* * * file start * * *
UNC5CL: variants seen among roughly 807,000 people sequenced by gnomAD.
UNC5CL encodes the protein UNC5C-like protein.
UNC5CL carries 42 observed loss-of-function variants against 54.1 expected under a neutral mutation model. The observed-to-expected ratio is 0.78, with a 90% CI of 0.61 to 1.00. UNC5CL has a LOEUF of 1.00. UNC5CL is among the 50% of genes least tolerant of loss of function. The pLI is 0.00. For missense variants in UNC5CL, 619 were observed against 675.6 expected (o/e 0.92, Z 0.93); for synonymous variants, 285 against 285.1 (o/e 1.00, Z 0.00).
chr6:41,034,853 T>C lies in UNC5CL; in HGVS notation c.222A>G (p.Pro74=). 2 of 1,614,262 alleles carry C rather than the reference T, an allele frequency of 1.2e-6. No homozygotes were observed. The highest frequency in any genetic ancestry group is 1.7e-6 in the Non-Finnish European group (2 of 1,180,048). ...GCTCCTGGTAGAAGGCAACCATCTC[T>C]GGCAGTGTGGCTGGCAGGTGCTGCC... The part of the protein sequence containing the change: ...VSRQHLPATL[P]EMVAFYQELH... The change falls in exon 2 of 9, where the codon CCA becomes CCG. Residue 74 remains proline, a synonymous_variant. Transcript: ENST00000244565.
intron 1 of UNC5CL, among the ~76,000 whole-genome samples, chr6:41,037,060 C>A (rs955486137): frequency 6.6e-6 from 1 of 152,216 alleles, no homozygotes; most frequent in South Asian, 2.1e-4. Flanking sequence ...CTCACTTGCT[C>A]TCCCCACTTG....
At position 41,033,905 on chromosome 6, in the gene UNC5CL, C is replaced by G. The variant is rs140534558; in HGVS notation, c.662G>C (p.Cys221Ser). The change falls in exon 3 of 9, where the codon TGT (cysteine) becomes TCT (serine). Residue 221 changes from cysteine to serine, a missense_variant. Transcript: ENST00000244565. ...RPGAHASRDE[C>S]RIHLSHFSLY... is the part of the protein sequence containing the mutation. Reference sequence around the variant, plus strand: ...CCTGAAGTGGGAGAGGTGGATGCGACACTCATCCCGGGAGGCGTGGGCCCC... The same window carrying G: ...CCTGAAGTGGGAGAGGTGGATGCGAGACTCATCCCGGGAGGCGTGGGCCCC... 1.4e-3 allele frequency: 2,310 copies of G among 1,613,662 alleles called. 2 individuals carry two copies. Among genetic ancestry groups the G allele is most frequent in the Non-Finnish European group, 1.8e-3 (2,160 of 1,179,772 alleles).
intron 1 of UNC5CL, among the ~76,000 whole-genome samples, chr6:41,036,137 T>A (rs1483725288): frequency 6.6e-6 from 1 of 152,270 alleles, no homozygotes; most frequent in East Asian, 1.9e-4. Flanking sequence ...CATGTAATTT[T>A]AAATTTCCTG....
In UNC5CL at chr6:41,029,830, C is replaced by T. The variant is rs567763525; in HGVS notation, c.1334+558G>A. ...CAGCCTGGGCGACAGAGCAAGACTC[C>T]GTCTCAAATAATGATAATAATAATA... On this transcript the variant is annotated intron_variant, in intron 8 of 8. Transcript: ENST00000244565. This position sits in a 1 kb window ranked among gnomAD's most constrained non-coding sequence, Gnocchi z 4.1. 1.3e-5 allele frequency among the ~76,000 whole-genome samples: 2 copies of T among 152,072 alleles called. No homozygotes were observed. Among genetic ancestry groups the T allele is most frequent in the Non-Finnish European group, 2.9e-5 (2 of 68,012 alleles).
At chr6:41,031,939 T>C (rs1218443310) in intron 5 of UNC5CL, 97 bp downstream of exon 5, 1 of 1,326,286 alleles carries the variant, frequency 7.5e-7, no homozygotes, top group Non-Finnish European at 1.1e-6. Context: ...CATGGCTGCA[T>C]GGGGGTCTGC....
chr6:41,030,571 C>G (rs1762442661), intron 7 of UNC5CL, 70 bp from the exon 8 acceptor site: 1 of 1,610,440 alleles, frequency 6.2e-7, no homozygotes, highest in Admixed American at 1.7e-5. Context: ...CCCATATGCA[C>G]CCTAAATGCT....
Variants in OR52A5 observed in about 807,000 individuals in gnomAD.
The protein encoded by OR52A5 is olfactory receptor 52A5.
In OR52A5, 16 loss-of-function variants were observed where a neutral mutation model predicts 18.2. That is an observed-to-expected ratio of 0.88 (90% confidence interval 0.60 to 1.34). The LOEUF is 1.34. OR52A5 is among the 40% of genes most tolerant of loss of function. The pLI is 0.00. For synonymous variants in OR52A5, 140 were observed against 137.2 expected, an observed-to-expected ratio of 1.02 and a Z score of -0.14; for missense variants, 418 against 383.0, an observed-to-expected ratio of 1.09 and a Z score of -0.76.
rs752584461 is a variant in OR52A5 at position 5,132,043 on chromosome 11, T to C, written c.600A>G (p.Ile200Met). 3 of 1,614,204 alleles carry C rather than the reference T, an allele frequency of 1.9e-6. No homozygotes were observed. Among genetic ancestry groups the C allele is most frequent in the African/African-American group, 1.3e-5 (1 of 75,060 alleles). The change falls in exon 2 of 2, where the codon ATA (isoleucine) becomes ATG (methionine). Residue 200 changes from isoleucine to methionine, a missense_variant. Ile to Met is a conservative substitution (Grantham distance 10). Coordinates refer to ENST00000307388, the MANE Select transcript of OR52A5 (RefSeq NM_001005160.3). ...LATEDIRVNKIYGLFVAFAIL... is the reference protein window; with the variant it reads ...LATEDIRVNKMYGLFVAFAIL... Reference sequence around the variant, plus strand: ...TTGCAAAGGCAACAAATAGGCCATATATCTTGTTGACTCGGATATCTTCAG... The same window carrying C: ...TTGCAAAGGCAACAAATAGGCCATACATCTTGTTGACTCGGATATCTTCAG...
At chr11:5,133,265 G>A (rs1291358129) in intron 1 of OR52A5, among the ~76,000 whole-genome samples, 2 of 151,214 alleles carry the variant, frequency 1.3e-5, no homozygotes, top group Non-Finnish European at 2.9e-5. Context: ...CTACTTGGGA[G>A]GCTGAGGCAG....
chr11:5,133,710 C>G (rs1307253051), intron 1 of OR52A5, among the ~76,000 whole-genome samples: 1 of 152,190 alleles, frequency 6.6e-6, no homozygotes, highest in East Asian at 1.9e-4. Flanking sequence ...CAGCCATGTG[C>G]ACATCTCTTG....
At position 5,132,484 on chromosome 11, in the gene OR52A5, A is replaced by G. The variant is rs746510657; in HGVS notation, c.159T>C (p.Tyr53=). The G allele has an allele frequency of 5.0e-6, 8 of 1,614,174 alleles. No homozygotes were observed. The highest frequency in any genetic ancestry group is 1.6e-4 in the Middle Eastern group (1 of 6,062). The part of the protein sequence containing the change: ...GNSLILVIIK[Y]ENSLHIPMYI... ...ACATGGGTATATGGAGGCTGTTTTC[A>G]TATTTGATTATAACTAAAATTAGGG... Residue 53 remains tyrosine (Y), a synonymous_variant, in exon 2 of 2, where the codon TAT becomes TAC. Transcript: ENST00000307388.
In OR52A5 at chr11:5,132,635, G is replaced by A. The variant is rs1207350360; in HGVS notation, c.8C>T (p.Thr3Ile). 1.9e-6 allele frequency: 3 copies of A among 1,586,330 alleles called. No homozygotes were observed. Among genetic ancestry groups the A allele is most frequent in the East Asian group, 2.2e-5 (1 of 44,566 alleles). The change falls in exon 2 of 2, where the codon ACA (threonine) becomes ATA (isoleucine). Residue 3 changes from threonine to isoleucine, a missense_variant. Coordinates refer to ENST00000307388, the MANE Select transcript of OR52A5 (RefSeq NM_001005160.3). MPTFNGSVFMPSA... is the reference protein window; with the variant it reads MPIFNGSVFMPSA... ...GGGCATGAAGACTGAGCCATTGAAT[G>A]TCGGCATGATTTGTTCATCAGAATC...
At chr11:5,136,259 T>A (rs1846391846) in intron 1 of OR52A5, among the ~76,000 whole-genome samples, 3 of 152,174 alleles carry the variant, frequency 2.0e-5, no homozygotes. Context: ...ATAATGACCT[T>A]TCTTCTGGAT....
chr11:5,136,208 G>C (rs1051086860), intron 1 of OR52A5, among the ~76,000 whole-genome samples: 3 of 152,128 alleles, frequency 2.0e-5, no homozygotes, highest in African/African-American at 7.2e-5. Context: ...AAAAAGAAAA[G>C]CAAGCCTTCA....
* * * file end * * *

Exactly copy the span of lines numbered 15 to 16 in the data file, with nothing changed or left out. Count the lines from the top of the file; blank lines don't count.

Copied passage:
At chr11:5,133,265 G>A (rs1291358129) in intron 1 of OR52A5, among the ~76,000 whole-genome samples, 2 of 151,214 alleles carry the variant, frequency 1.3e-5, no homozygotes, top group Non-Finnish European at 2.9e-5. Context: ...CTACTTGGGA[G>A]GCTGAGGCAG....
chr11:5,133,710 C>G (rs1307253051), intron 1 of OR52A5, among the ~76,000 whole-genome samples: 1 of 152,190 alleles, frequency 6.6e-6, no homozygotes, highest in East Asian at 1.9e-4. Flanking sequence ...CAGCCATGTG[C>G]ACATCTCTTG....